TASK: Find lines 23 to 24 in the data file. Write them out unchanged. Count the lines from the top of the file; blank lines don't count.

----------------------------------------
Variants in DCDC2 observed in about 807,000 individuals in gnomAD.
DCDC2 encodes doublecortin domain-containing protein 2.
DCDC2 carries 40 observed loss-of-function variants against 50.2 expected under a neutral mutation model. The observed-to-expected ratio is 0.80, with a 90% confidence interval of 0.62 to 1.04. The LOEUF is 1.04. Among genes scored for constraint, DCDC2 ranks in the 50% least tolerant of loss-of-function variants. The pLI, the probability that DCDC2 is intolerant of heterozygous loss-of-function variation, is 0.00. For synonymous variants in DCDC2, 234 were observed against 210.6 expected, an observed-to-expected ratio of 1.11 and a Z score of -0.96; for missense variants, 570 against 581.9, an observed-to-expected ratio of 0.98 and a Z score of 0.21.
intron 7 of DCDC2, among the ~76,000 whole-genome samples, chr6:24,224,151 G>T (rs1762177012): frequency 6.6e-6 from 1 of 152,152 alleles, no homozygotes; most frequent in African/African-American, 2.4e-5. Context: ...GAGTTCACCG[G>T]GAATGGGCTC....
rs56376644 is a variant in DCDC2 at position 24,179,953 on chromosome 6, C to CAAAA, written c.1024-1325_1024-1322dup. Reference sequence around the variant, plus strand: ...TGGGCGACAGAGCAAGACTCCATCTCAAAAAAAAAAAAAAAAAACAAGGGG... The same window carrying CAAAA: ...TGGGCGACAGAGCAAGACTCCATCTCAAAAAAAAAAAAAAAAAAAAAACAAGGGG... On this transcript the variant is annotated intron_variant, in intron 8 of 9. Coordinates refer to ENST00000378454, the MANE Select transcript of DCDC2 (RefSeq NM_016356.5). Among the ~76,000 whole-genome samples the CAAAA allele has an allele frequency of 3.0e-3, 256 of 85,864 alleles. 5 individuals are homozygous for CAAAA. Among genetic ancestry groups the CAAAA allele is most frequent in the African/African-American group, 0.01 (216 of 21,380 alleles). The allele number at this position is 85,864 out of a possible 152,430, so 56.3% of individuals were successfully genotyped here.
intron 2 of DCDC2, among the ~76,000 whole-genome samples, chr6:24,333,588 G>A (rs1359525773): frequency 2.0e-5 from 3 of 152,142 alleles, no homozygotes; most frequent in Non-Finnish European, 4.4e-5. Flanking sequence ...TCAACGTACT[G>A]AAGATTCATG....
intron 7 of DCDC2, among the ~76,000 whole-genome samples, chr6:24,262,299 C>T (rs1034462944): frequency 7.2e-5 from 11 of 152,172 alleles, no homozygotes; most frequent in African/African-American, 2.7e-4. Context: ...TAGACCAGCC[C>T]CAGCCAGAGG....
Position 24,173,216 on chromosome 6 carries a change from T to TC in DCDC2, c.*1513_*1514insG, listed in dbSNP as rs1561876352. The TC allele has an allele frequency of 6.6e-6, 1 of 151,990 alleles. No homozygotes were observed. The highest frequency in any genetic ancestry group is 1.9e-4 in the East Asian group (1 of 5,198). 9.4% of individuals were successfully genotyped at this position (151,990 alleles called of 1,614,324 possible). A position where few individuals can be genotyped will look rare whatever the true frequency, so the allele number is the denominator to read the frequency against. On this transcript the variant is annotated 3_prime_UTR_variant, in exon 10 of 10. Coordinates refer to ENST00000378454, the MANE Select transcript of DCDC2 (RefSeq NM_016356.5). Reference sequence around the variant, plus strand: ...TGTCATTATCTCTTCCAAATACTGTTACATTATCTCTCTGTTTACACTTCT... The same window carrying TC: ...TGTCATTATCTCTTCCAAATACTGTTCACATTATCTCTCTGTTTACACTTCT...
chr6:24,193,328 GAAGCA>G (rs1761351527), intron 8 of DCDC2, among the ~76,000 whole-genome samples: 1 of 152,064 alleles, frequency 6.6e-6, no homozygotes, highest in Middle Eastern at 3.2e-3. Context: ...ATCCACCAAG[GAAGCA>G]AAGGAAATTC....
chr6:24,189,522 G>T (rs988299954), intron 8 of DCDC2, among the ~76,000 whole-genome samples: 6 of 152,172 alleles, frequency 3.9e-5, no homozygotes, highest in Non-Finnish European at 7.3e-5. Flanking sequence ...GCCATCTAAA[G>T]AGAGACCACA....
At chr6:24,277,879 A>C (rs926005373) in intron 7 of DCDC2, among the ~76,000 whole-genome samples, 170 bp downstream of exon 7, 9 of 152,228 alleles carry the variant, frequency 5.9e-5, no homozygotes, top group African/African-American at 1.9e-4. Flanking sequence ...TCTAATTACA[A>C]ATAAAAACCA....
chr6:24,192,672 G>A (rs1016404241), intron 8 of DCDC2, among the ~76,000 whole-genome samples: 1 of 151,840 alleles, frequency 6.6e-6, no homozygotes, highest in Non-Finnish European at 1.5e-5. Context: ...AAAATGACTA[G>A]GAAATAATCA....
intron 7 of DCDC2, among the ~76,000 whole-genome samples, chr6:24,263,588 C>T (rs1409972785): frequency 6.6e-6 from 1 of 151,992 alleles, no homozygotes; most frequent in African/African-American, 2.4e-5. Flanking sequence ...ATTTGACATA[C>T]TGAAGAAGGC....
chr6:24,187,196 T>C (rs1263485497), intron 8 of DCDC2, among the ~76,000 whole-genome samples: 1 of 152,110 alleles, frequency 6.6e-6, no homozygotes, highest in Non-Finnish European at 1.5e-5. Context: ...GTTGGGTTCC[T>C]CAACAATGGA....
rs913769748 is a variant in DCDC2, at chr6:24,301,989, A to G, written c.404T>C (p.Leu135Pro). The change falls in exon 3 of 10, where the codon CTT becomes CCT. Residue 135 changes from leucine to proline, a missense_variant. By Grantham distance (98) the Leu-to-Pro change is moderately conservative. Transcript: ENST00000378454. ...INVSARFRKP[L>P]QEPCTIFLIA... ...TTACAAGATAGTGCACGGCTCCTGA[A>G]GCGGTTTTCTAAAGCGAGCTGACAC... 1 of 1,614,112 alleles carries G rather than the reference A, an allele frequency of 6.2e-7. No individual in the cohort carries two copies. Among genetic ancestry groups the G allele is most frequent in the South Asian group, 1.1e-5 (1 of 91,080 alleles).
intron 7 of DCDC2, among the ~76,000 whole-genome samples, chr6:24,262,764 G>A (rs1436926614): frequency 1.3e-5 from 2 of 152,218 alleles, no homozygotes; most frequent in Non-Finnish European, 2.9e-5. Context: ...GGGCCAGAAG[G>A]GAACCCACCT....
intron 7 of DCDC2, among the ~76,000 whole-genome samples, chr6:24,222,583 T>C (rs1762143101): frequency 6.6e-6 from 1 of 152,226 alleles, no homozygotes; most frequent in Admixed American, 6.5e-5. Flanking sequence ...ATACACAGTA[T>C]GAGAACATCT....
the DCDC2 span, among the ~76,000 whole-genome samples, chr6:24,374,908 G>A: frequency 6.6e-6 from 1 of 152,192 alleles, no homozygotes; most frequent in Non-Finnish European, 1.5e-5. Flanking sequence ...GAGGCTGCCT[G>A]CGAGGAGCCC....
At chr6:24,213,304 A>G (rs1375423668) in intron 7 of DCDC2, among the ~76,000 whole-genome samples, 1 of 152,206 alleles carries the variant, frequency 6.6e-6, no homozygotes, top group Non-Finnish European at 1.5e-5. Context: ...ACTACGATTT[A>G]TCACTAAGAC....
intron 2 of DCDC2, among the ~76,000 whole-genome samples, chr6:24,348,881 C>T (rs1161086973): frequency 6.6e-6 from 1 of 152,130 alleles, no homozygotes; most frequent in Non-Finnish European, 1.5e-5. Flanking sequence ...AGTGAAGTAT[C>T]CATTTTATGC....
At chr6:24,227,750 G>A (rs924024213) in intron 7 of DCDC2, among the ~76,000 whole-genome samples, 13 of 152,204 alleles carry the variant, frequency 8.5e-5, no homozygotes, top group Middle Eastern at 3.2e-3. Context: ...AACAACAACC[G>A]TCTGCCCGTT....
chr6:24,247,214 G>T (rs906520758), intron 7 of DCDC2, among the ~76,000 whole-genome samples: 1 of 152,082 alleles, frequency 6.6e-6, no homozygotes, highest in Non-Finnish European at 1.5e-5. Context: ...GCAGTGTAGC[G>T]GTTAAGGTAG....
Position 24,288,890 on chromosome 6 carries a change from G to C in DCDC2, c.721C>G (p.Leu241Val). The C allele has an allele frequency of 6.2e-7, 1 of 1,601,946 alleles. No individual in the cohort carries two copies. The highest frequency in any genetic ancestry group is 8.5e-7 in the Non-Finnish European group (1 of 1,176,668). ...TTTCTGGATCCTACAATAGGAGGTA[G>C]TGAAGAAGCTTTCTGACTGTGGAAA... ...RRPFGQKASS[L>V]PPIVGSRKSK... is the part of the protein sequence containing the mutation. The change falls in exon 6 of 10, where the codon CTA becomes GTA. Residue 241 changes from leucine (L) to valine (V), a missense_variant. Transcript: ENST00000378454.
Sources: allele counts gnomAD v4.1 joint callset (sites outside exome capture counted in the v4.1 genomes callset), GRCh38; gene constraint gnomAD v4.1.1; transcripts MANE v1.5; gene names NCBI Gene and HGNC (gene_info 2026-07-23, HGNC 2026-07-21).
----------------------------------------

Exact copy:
Position 24,288,890 on chromosome 6 carries a change from G to C in DCDC2, c.721C>G (p.Leu241Val). The C allele has an allele frequency of 6.2e-7, 1 of 1,601,946 alleles. No individual in the cohort carries two copies. The highest frequency in any genetic ancestry group is 8.5e-7 in the Non-Finnish European group (1 of 1,176,668). ...TTTCTGGATCCTACAATAGGAGGTA[G>C]TGAAGAAGCTTTCTGACTGTGGAAA... ...RRPFGQKASS[L>V]PPIVGSRKSK... is the part of the protein sequence containing the mutation. The change falls in exon 6 of 10, where the codon CTA becomes GTA. Residue 241 changes from leucine (L) to valine (V), a missense_variant. Transcript: ENST00000378454.
Sources: allele counts gnomAD v4.1 joint callset (sites outside exome capture counted in the v4.1 genomes callset), GRCh38; gene constraint gnomAD v4.1.1; transcripts MANE v1.5; gene names NCBI Gene and HGNC (gene_info 2026-07-23, HGNC 2026-07-21).